For he chose us in him before the creation of the world to be holy and blameless in his sight. – Ephesians 1:4 NIV

This passage says that God chose me before creation. Before the moment of creation, God already had knowledge of me and had chosen me to be a part of his plan; to be holy and blameless in his sight. Did God only have intellectual knowledge? Or did he also have relational knowledge?

For those God foreknew he also predestined to be conformed to the image of his Son, that he might be the firstborn among many brothers and sisters. And those he predestined, he also called; those he called, he also justified; those he justified, he also glorified. – Romans 8:29-30 NIV

In this passage we see that those God had known prior to creation were also predestined to be like Christ, were also called, were justified, and were glorified. As a Christian I can see that God has predestined, called and justified me; those things have happened in my past. But glorification is something I look forward to; yet it is in the past tense here. God has glorified me. God is not in time: my past, present, and future are all now to him. So while glorification may be in my future, Paul can easily describe it as something that, along with my predestination, calling and justification, all happened when God foreknew me; prior to creation. It is not something God knew would happen, but something that did happen.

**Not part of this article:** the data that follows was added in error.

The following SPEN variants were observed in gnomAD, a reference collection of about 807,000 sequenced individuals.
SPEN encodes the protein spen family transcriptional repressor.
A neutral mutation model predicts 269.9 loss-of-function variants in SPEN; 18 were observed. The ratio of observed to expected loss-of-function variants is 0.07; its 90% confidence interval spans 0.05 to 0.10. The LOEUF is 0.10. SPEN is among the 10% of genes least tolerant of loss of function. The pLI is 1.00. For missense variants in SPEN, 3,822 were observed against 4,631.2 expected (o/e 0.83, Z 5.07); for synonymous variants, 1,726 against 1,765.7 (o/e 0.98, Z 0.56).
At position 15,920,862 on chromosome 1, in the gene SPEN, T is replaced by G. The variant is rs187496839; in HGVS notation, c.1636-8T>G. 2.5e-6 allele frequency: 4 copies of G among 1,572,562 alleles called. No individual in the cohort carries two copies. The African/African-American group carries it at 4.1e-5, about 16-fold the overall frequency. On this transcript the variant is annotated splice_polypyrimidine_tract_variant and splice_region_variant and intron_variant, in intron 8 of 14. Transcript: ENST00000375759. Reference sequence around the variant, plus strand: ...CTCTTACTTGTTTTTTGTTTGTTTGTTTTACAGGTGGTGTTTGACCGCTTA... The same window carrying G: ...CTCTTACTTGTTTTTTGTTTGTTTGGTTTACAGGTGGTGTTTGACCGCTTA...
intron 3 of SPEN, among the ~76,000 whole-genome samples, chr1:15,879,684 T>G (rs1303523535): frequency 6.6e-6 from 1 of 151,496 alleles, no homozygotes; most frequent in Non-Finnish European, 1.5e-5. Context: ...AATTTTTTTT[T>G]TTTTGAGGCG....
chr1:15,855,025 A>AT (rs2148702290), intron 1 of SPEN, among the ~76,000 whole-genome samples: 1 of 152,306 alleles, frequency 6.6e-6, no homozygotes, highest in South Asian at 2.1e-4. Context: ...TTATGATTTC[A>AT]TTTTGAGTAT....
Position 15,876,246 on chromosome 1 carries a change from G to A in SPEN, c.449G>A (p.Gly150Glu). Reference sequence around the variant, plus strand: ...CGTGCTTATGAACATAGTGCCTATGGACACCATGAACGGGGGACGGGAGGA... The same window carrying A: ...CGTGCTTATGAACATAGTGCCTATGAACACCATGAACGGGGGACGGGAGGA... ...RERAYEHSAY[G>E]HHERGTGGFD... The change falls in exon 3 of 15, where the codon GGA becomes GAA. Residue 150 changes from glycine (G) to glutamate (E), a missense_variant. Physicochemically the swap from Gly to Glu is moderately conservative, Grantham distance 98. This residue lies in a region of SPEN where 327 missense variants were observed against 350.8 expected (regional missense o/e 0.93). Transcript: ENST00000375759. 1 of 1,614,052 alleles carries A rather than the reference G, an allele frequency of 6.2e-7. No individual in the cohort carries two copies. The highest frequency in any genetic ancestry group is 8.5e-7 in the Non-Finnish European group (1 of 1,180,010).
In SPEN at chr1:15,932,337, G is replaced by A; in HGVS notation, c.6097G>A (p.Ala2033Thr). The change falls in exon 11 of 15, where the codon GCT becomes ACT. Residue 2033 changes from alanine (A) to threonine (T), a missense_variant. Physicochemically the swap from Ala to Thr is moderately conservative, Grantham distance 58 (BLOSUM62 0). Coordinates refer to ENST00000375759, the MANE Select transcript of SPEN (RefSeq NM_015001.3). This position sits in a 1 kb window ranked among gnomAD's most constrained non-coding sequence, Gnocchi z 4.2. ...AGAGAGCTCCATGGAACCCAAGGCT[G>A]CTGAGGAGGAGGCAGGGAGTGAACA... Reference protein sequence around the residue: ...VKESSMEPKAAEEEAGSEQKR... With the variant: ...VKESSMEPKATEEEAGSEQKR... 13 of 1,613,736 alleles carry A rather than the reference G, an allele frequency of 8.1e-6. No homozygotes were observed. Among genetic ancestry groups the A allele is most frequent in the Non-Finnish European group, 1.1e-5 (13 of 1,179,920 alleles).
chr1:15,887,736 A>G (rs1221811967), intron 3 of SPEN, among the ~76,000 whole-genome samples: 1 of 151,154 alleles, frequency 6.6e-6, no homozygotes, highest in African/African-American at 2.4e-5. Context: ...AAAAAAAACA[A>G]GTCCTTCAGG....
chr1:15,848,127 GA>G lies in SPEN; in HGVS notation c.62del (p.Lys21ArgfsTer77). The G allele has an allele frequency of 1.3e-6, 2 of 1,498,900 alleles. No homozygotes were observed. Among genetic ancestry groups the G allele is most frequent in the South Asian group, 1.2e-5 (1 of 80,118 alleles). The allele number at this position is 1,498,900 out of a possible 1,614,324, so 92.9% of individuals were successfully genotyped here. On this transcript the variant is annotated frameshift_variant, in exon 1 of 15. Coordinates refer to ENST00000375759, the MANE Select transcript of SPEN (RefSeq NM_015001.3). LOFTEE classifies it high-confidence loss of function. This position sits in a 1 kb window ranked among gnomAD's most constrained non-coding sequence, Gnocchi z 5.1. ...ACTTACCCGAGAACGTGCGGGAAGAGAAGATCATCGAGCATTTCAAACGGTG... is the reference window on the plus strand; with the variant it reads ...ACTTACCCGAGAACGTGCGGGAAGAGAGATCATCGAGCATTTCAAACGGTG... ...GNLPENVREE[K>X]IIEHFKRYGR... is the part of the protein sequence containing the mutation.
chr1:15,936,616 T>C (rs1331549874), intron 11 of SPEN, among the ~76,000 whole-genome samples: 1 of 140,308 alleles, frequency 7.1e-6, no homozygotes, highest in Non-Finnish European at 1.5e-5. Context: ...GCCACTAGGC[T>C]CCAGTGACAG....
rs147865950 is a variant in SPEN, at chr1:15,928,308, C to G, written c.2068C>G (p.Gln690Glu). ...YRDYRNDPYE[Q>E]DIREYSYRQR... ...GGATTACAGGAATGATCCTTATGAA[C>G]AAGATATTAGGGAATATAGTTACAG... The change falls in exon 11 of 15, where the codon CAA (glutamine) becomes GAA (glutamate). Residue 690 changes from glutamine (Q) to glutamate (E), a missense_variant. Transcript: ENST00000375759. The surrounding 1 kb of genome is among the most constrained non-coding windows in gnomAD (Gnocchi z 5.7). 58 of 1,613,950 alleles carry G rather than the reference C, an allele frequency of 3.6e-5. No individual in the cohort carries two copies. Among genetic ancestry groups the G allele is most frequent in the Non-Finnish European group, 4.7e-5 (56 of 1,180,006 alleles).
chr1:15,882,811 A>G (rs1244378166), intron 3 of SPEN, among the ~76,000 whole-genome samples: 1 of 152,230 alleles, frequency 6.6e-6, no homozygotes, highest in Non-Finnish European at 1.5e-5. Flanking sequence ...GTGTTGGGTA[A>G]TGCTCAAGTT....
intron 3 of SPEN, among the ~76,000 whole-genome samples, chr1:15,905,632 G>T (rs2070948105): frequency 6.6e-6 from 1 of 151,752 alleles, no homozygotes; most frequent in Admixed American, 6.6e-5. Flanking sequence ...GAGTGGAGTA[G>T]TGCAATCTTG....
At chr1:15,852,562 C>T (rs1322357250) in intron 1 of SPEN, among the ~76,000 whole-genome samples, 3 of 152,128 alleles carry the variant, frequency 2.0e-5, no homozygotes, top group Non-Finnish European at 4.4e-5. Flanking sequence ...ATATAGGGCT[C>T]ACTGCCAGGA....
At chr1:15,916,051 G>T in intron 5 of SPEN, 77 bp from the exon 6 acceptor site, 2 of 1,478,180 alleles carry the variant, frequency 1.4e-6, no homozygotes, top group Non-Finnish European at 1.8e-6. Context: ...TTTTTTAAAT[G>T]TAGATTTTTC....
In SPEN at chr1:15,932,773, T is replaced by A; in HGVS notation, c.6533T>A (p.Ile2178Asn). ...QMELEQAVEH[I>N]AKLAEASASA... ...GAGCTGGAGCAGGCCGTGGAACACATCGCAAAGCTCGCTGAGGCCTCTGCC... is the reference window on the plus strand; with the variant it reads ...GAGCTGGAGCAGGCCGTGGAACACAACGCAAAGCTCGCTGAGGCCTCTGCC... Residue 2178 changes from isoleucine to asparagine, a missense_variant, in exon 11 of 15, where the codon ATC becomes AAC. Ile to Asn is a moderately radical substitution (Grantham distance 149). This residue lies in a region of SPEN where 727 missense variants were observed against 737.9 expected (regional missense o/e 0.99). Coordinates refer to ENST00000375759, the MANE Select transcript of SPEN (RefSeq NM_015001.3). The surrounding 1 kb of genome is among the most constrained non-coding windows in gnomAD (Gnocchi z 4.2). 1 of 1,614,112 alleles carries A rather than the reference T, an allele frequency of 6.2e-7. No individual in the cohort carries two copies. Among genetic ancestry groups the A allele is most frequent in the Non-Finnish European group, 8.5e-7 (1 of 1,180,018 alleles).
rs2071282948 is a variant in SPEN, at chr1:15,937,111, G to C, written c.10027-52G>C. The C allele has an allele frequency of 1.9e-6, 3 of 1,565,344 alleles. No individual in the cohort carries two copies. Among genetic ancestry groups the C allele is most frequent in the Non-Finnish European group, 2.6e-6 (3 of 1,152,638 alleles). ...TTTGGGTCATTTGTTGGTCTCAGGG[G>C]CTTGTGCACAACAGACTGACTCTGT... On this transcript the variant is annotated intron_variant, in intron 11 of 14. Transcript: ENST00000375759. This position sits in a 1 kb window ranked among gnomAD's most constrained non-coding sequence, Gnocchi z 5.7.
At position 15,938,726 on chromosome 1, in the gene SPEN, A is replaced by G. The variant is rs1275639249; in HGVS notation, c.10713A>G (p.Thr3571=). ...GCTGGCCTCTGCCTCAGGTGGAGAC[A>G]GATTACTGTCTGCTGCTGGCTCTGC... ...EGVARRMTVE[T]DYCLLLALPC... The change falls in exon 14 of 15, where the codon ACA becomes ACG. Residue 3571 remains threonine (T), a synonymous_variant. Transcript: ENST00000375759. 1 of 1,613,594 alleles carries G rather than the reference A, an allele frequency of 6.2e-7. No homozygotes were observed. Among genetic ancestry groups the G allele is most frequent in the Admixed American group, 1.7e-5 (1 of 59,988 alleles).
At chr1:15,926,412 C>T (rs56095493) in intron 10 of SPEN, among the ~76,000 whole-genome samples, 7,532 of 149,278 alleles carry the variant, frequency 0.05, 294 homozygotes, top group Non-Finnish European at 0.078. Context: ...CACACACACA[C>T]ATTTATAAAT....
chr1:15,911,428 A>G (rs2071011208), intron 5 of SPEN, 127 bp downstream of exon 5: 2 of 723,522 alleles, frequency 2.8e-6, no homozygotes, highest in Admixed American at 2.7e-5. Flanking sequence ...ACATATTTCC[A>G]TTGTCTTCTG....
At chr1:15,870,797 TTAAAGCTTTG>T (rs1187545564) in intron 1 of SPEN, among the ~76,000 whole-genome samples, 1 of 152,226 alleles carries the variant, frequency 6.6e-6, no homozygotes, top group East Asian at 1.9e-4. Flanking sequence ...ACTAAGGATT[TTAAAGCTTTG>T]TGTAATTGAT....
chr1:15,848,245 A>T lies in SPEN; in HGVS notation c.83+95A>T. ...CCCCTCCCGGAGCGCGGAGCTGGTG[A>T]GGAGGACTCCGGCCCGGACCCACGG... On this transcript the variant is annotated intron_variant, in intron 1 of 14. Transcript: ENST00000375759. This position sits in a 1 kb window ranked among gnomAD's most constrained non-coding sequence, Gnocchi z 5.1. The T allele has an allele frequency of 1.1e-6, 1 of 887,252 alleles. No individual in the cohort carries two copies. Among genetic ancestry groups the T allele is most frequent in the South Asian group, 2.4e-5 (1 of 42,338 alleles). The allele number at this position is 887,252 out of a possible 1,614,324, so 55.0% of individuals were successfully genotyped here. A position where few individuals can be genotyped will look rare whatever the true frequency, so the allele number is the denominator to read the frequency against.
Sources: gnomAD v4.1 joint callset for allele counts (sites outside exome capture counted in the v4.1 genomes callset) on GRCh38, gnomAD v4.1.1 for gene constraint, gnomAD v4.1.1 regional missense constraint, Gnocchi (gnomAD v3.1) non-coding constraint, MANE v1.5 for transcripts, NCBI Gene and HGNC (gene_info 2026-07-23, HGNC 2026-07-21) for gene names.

He has saved us and called us to a holy life—not because of anything we have done but because of his own purpose and grace. This grace was given us in Christ Jesus before the beginning of time, but it has now been revealed through the appearing of our Savior, Christ Jesus, who has destroyed death and has brought life and immortality to light through the gospel. – 2 Timothy 1:9-10 NIV